AFRICAN GUITARISTS TEND TO WORK WITH THE INSTRUMENTS AND GEAR THEY FIND at hand. Their sounds rely more often on technique and sensibility than on vintage axes or technology. But when Malian singer-songwriter Rokia Traore began planning her fourth album, she had a particular guitar tone in her head: Warm and round, electric but not too percussive—a sound recalled from the blues and rock and roll records she loved during her wandering youth. Traore’s eureka moment came in a specialty music store in Amiens, France, when she got her hands on a 1967 Gretsch Country Gentleman.
Traore had established her international career with a mellifluous voice and an ensemble that featured not her guitar playing, but rather the contrasting sonorities of a deep-toned, wooden xylophone and the high-pitched melodies of traditional ngonis [lutes]. But, with that Gretsch in hand, she was determined to create an ensemble centered on the coveted guitar sound that had been eluding her.
“I touched it, and with the first note I understood it was what I wanted,” says Traore. “Everything started from the sound of this guitar. I composed all the new songs with it.”
The resulting album, Tchamantché [Nonesuch], comes two decades after Traore’s diplomat father presented her with her very first guitar—a small, Yamaha acoustic purchased in New York City. Traore had lived in Europe and the Middle East by then, and been exposed to a wide variety of music. Her favorites included Hendrix, Santana, and Tracy Chapman—who she says was a crucial model for a whole generation of guitar-toting female musicians in Africa. Traore learned guitar from books and on her own, and, like many other Malian guitarists, she focused more on melody and rhythm than on chords.
“Even now, I’m not a chord person,” she says. “You can hear that in my music. It’s a question of feeling.”
At the same time, she was never schooled in any of Mali’s famous traditional guitar styles, which rely on elaborate picking—as well as hammer-on and pull-off techniques— that mimics the sounds of local instruments. But, like those guitarists, Traore gravitated towards a fingerstyle approach.
“I never use a pick,” she says. “I need to feel the strings.”
Traore uses her thumb and two fingers to pick, and she favors arpeggiated accompaniments, rather than the thumb-and-index-finger picking style and the ornamented, rhythmic melodies typical among Malian fingerstyle pros. On her first three albums, Traore’s guitar accompaniments became increasingly understated. On Tchamantché, she pares the ensemble back radically, allowing the spare sensibility of her guitar playing room to breathe. The album’s haunting opener, “Dounia,” works around her voice and a low, cycling melody on the Gretsch, building the mood for nearly three minutes before introducing a second guitar, an ngoni, and some light percussion. Near the end of the song, she takes an elegant, blues-tinged solo, briefly harmonized by the second guitar. The mix becomes quite dense by the close, but its power lies more in tasteful arranging and orchestration than in any sort of technical virtuosity.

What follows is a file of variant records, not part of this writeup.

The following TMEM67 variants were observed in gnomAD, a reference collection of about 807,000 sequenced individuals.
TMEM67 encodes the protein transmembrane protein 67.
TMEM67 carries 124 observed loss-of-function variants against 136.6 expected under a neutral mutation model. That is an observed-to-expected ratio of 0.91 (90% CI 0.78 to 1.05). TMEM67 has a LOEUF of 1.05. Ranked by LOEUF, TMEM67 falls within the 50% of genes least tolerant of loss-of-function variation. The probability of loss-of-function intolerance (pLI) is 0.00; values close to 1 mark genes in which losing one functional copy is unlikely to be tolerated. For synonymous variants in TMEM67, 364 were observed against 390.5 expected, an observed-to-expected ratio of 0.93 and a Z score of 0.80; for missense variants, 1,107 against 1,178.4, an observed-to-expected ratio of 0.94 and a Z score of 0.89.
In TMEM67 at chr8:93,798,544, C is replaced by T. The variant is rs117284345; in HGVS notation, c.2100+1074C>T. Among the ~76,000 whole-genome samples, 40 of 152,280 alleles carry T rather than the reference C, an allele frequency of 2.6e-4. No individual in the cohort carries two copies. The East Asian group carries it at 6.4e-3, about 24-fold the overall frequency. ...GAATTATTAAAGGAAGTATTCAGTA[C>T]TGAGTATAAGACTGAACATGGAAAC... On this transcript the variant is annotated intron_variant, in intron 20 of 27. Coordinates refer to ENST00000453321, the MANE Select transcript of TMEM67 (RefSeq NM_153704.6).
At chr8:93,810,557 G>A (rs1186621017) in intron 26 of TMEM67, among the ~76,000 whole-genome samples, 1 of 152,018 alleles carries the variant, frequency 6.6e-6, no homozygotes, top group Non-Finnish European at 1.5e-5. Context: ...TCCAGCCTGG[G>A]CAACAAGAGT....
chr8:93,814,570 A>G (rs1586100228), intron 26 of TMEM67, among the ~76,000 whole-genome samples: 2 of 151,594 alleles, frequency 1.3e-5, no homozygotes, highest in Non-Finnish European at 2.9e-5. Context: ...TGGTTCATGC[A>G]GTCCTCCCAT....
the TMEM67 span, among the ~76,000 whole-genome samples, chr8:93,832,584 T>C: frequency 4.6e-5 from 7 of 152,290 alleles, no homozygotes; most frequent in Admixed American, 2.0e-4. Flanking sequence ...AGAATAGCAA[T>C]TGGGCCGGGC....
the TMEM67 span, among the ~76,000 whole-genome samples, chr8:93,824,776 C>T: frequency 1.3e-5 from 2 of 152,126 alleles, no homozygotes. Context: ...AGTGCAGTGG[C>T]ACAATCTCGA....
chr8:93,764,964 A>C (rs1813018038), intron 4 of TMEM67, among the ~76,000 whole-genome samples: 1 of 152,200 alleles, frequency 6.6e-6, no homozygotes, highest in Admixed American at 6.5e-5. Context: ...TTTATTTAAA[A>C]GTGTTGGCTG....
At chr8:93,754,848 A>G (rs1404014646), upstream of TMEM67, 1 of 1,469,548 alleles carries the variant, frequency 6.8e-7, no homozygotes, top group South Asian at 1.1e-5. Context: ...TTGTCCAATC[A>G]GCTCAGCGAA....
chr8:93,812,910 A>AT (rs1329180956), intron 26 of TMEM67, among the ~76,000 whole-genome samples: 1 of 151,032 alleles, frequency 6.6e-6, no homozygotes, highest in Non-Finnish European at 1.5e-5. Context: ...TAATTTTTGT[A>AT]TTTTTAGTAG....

Tchamantché is the first album Traore has recorded completely in Europe. For the session, she also played a Silvertone 1448, and she used a ’63 Vox AC15 and a ’65 Bird Golden Eagle—amplifiers that would never be found in Mali. The album’s title translates roughly as “equilibrium,” and it goes to the heart of Traore’s appeal—her ability to bridge and balance African and Western sensibilities.
Tchamantché includes a sultry cover of Billie Holiday’s “The Man I Love,” a number of minimalist ballads sung in Traore’s native Bambara, and a handful of uptempo songs—such as the driving “Tounka,” with its open, jazz-inspired tonality and growling, bluesy vocal. With focus and brilliance, Traore doesn’t try to compete with the dazzling chops of hotshot African guitarists, but she delivers a sense of style and sound craft that is unique on the contemporary scene.
“My problem in African music or Malian music is also my advantage,” she explains. “I didn’t go to the traditional school. I didn’t learn guitar like Djelimady Tounkara, for example. And, in terms of singing, I am not Salif Keita or Oumou Sangaré. At the same time, that’s a kind of advantage for me. I know enough about Malian music to use it in my own way, and I know enough about Western music to use it in my own way.”